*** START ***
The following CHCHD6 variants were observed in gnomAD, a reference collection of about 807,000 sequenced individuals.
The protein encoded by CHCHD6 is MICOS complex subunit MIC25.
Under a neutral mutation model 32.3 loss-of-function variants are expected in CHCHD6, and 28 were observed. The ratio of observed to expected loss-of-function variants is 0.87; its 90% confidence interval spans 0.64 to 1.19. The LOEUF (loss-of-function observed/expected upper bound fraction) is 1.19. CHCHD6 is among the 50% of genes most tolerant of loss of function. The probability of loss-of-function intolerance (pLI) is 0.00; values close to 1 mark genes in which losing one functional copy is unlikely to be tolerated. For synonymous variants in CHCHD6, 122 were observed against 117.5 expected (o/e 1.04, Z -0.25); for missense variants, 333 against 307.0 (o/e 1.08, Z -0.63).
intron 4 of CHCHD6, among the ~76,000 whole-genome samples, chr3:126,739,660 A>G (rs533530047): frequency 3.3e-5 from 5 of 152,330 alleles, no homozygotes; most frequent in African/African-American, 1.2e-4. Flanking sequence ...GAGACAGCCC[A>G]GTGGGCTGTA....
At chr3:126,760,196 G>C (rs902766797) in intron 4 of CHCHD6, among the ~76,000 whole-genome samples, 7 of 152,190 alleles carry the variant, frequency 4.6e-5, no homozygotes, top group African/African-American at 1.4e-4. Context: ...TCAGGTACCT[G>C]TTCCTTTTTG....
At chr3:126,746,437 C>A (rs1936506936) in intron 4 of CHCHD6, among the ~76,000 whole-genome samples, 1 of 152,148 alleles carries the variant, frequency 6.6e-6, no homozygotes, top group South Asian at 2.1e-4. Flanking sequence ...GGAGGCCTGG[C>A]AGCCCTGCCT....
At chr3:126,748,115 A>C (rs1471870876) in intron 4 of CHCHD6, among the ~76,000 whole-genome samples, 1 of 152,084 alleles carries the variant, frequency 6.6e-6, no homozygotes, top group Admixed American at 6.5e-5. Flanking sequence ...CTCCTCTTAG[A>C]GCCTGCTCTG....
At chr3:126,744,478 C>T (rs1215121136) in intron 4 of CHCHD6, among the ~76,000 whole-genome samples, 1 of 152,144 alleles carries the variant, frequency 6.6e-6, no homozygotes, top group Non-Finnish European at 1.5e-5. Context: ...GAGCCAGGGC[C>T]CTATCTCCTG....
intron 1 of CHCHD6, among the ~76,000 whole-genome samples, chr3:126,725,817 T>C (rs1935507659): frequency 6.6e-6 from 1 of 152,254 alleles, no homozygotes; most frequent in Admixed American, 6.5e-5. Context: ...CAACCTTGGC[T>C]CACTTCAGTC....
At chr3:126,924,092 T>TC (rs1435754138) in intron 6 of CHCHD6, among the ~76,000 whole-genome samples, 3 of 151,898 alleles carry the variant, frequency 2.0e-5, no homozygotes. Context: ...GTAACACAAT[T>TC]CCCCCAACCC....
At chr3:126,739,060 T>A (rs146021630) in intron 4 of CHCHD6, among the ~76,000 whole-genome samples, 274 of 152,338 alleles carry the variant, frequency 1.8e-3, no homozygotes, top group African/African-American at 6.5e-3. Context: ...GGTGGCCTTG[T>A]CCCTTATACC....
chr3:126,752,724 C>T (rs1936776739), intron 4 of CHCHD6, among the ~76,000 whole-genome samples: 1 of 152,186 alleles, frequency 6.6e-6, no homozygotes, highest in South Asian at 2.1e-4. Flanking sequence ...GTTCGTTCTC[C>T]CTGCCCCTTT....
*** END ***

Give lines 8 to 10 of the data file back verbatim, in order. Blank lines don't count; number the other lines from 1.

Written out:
At chr3:126,744,478 C>T (rs1215121136) in intron 4 of CHCHD6, among the ~76,000 whole-genome samples, 1 of 152,144 alleles carries the variant, frequency 6.6e-6, no homozygotes, top group Non-Finnish European at 1.5e-5. Context: ...GAGCCAGGGC[C>T]CTATCTCCTG....
intron 1 of CHCHD6, among the ~76,000 whole-genome samples, chr3:126,725,817 T>C (rs1935507659): frequency 6.6e-6 from 1 of 152,254 alleles, no homozygotes; most frequent in Admixed American, 6.5e-5. Context: ...CAACCTTGGC[T>C]CACTTCAGTC....
At chr3:126,924,092 T>TC (rs1435754138) in intron 6 of CHCHD6, among the ~76,000 whole-genome samples, 3 of 151,898 alleles carry the variant, frequency 2.0e-5, no homozygotes. Context: ...GTAACACAAT[T>TC]CCCCCAACCC....